Literary Nonfiction. Asian & Asian American Studies. Religion and Spirituality. Buddhism. Translated by Red Pine. Empty Bowl is proud to present Red Pine's newest offering: two sutras that record a day in the life of the Buddha when the Buddha was teaching the Prajnaparamita, the teaching that formed the basis of Buddhism's Mahayana path. Not only are they among the shortest Prajnaparamita texts, they're connected and read as if they span the events of a single day. In the "Empty Bowl Sutra," which appears here in English for the first time, the Buddha's disciples' question Manjusri, the Bodhisattva of Wisdom, on his way to town to beg for food, and he responds with the teaching of emptiness—that anything we might think of as real is illusory and its "thingness" based on nothing more than our own projections. In the "Diamond Sutra," the translation of which has benefitted from recently discovered Sanskrit copies, the Buddha returns from his own begging round and tells his disciples what results when they combine this teaching with the vow to liberate others. In using the most significant events in his own career as an example, the Buddha presents one of the earliest accounts of how buddhas become buddhas.Both sutras are presented together in a 5"X7" chapbook, saddle stitched, with an introduction but minimum of notes so that readers can experience the force of these texts uninterrupted and in a convenient hand-held, open-page format.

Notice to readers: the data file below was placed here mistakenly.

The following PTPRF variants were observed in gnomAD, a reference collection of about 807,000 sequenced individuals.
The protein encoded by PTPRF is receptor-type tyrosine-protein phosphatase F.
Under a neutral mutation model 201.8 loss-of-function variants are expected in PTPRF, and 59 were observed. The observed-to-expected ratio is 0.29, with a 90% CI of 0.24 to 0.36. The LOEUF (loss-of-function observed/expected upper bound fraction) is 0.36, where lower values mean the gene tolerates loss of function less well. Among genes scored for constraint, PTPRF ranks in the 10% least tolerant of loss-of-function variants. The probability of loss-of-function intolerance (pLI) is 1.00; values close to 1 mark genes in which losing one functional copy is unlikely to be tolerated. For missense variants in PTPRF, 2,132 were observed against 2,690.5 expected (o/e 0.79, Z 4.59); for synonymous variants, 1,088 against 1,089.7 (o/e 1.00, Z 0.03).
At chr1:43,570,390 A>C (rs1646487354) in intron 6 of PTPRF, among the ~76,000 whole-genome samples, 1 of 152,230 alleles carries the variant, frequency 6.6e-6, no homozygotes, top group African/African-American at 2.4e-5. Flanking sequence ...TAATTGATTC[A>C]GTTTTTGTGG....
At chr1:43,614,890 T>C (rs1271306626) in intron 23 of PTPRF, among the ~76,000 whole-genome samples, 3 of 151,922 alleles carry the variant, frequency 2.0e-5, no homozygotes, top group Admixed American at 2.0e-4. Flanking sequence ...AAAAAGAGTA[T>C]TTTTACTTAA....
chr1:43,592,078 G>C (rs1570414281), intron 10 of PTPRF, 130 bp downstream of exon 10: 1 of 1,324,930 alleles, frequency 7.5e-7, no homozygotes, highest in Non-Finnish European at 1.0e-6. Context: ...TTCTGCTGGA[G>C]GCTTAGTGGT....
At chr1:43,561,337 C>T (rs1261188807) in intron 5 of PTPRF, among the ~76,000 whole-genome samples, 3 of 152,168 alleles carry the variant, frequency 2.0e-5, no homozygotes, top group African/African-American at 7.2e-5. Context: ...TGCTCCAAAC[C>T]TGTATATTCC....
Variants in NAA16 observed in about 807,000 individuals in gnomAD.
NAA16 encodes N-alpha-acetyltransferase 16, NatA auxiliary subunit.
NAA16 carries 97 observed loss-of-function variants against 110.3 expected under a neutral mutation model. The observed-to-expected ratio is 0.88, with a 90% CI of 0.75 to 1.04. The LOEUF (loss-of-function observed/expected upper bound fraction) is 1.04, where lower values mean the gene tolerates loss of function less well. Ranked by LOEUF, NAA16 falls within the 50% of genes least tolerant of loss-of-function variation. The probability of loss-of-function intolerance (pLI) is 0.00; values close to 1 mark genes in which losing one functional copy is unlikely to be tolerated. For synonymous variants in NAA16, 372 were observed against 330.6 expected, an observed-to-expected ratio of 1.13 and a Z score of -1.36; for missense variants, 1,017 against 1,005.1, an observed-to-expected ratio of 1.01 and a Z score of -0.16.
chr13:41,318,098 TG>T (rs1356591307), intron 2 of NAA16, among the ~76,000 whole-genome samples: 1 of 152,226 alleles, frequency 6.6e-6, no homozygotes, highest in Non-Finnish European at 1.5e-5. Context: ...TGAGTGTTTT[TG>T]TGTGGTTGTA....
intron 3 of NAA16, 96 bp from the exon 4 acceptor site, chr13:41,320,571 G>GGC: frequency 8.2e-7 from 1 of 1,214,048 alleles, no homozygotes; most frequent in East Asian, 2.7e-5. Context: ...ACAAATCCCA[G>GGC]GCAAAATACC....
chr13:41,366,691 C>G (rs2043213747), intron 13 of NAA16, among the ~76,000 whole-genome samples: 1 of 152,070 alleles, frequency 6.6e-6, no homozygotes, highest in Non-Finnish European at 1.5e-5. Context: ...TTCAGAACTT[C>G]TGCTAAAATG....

Bill Porter, who translated under the name Red Pine, was born in Van Nuys, California on October 3, 1943, and grew up in Northern Idaho, where his parents moved in 1954. After a tour of duty in the US Army 1964-67, he attended UC Santa Barbara and majored in anthropology. In 1970, he entered graduate school at Columbia University and studied anthropology with a faculty that included Margaret Mead and Ruth Benedict. While he was living in New York, he became interested in Buddhism, and in 1972 he left America and moved to a Buddhist monastery in Taiwan. After more than three years with the monks and nuns, he struck out on his own and supported himself by teaching English and later by working as a journalist at English-language radio stations in Taiwan and Hong Kong. During this time, he married a Chinese woman, with whom he has two children, and he began working on translations of Chinese poetry and Buddhist texts. In 1993, he returned to America so that his children could learn English, and he has lived ever since in Port Townsend, Washington. His translations of texts dealing with Chinese history, culture, poetry, and religion have been honored with a number of awards, including two NEA translation fellowships, a PEN translation award, the inaugural Asian Literature Award of the American Literary Translators Association, a Guggenheim Fellowship, which he received to support work on a book based on a pilgrimage to the graves and homes of China's greatest poets of the past, which was published under the title Finding Them Gone in January of 2016, and more recently in 2018 the Thornton Wilder Prize for Translation bestowed by the American Academy of Arts and Letters.Author City: PORT TOWNSEND, WA USA